There is so much depth in the 3D and in the game. When crows or keese fly down from above, there is a legitimate sense that they are flying down. You can only hit them when they get down to your level. And the first time I saw a tektite jump, I was blown away. I’ve never seen this level of depth in an overhead game. Even the text boxes really pop to the foreground in 3D.
Depth has been an integral element of Zelda games since LttP, but in LbW it’s not just that dungeons have multiple floors. Many rooms have two levels, and it really feels like it. The puzzles often revolve around your ability to navigate the depth of your environment in a way that is much deeper than ‘that platform is higher than this one’. You are beckoned to be constantly aware of what is above and below you. And again, the thorough implementation of depth throughout the game is what makes the 2D mechanic so successful. As oxymoronic as it may sound, the 2D mechanic only adds more depth. Where the 3D draws your attention to what is above and below you, the 2D mechanic draws your attention to what you can’t see.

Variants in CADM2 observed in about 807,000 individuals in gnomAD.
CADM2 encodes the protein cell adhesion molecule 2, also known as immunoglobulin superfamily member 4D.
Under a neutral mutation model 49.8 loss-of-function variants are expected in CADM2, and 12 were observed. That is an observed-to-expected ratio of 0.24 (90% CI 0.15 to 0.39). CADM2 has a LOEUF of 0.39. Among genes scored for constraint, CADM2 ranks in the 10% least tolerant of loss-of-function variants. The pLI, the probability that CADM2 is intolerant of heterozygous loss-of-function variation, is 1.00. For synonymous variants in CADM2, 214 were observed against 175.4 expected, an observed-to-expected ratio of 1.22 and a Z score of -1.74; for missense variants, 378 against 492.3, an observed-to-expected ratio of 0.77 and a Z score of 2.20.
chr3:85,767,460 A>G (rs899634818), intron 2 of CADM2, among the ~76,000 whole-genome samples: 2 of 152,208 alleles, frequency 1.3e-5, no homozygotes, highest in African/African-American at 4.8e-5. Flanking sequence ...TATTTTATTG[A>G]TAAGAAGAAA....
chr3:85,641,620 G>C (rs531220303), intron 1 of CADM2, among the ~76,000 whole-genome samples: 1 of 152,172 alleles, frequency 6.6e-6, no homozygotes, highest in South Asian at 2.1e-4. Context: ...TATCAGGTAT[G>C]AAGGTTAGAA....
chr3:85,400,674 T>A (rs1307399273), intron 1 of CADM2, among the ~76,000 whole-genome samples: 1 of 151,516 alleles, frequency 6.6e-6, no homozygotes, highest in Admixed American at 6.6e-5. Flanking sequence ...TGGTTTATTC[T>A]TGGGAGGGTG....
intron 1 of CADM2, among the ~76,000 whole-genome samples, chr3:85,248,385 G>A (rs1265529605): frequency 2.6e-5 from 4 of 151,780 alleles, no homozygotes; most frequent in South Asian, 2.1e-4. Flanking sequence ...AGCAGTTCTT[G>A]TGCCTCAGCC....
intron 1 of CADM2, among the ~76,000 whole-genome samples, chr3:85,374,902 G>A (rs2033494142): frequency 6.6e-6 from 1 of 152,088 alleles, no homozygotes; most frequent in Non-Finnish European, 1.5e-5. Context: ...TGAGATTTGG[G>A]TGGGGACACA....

At the core of the Zelda franchise is the wonder of exploration–of trying and discovering new things. The 2D mechanic allows for an entirely new arena of exploration. You are constantly surrounded by the hint that there is another world that you’re missing. Because of the top-down perspective, you can catch distorted glimpses of some of the 2D environment. But activating the 2D mechanic is like entering a new room or lighting a torch in a dark room. There are always aspects of the environment that are completely hidden in the overhead perspective. Even when I felt like there wasn’t much to be found by going 2D, I was often surprised by what I was missing in overhead. Also: the music gets flatter when you go 2D! It’s a bit difficult to explain, but the audio loses its warmth in 2D. It’s a subtle effect, but another example of the amazing attention to multiple kinds of depth in the game.